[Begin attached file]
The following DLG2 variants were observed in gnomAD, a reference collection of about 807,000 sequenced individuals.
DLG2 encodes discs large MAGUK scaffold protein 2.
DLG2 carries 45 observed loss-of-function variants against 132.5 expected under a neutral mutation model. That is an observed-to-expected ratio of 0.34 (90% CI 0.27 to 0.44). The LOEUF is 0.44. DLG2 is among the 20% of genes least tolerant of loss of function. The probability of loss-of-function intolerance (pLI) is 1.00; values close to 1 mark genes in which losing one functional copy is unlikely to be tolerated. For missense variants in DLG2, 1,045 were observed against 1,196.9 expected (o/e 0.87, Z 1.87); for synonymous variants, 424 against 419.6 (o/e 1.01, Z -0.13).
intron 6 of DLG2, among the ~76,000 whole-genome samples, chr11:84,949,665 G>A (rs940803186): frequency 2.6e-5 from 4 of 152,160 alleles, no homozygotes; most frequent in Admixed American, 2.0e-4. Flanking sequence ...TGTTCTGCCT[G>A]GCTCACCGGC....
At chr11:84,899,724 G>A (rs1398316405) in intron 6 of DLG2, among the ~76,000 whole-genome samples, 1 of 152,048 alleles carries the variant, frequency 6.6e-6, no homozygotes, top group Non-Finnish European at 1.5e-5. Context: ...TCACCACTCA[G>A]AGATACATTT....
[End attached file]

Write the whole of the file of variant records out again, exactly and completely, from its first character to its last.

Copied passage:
The following DLG2 variants were observed in gnomAD, a reference collection of about 807,000 sequenced individuals.
DLG2 encodes discs large MAGUK scaffold protein 2.
DLG2 carries 45 observed loss-of-function variants against 132.5 expected under a neutral mutation model. That is an observed-to-expected ratio of 0.34 (90% CI 0.27 to 0.44). The LOEUF is 0.44. DLG2 is among the 20% of genes least tolerant of loss of function. The probability of loss-of-function intolerance (pLI) is 1.00; values close to 1 mark genes in which losing one functional copy is unlikely to be tolerated. For missense variants in DLG2, 1,045 were observed against 1,196.9 expected (o/e 0.87, Z 1.87); for synonymous variants, 424 against 419.6 (o/e 1.01, Z -0.13).
intron 6 of DLG2, among the ~76,000 whole-genome samples, chr11:84,949,665 G>A (rs940803186): frequency 2.6e-5 from 4 of 152,160 alleles, no homozygotes; most frequent in Admixed American, 2.0e-4. Flanking sequence ...TGTTCTGCCT[G>A]GCTCACCGGC....
At chr11:84,899,724 G>A (rs1398316405) in intron 6 of DLG2, among the ~76,000 whole-genome samples, 1 of 152,048 alleles carries the variant, frequency 6.6e-6, no homozygotes, top group Non-Finnish European at 1.5e-5. Context: ...TCACCACTCA[G>A]AGATACATTT....